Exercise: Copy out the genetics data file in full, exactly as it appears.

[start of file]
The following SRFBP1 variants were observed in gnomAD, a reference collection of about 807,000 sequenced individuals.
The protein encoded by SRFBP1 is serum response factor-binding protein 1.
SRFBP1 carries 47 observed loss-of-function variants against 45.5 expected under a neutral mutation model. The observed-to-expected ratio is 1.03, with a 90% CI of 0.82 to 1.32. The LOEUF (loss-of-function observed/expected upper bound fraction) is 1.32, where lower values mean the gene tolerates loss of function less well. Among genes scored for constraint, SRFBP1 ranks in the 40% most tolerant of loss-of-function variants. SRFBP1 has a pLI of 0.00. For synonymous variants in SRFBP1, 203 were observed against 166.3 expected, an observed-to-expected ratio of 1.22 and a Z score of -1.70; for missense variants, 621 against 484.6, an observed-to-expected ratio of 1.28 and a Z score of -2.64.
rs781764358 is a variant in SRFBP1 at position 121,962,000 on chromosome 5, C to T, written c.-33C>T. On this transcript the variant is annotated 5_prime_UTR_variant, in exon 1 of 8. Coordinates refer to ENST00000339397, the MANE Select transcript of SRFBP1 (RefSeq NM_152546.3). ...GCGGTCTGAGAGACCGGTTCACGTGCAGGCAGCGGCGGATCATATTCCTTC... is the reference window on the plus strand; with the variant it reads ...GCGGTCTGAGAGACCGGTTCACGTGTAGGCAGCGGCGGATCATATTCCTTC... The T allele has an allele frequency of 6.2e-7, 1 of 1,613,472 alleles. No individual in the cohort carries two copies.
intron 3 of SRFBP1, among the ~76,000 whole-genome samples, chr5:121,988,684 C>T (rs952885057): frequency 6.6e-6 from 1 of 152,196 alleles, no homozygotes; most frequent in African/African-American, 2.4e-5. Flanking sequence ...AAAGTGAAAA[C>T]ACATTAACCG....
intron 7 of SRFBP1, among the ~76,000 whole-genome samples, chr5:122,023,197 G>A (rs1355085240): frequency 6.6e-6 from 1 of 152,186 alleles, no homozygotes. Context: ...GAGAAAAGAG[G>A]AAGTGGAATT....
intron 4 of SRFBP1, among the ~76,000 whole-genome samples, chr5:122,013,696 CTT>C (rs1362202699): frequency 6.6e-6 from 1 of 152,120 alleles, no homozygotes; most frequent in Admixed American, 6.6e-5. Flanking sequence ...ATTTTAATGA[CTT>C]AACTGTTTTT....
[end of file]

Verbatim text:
The following SRFBP1 variants were observed in gnomAD, a reference collection of about 807,000 sequenced individuals.
The protein encoded by SRFBP1 is serum response factor-binding protein 1.
SRFBP1 carries 47 observed loss-of-function variants against 45.5 expected under a neutral mutation model. The observed-to-expected ratio is 1.03, with a 90% CI of 0.82 to 1.32. The LOEUF (loss-of-function observed/expected upper bound fraction) is 1.32, where lower values mean the gene tolerates loss of function less well. Among genes scored for constraint, SRFBP1 ranks in the 40% most tolerant of loss-of-function variants. SRFBP1 has a pLI of 0.00. For synonymous variants in SRFBP1, 203 were observed against 166.3 expected, an observed-to-expected ratio of 1.22 and a Z score of -1.70; for missense variants, 621 against 484.6, an observed-to-expected ratio of 1.28 and a Z score of -2.64.
rs781764358 is a variant in SRFBP1 at position 121,962,000 on chromosome 5, C to T, written c.-33C>T. On this transcript the variant is annotated 5_prime_UTR_variant, in exon 1 of 8. Coordinates refer to ENST00000339397, the MANE Select transcript of SRFBP1 (RefSeq NM_152546.3). ...GCGGTCTGAGAGACCGGTTCACGTGCAGGCAGCGGCGGATCATATTCCTTC... is the reference window on the plus strand; with the variant it reads ...GCGGTCTGAGAGACCGGTTCACGTGTAGGCAGCGGCGGATCATATTCCTTC... The T allele has an allele frequency of 6.2e-7, 1 of 1,613,472 alleles. No individual in the cohort carries two copies.
intron 3 of SRFBP1, among the ~76,000 whole-genome samples, chr5:121,988,684 C>T (rs952885057): frequency 6.6e-6 from 1 of 152,196 alleles, no homozygotes; most frequent in African/African-American, 2.4e-5. Flanking sequence ...AAAGTGAAAA[C>T]ACATTAACCG....
intron 7 of SRFBP1, among the ~76,000 whole-genome samples, chr5:122,023,197 G>A (rs1355085240): frequency 6.6e-6 from 1 of 152,186 alleles, no homozygotes. Context: ...GAGAAAAGAG[G>A]AAGTGGAATT....
intron 4 of SRFBP1, among the ~76,000 whole-genome samples, chr5:122,013,696 CTT>C (rs1362202699): frequency 6.6e-6 from 1 of 152,120 alleles, no homozygotes; most frequent in Admixed American, 6.6e-5. Flanking sequence ...ATTTTAATGA[CTT>C]AACTGTTTTT....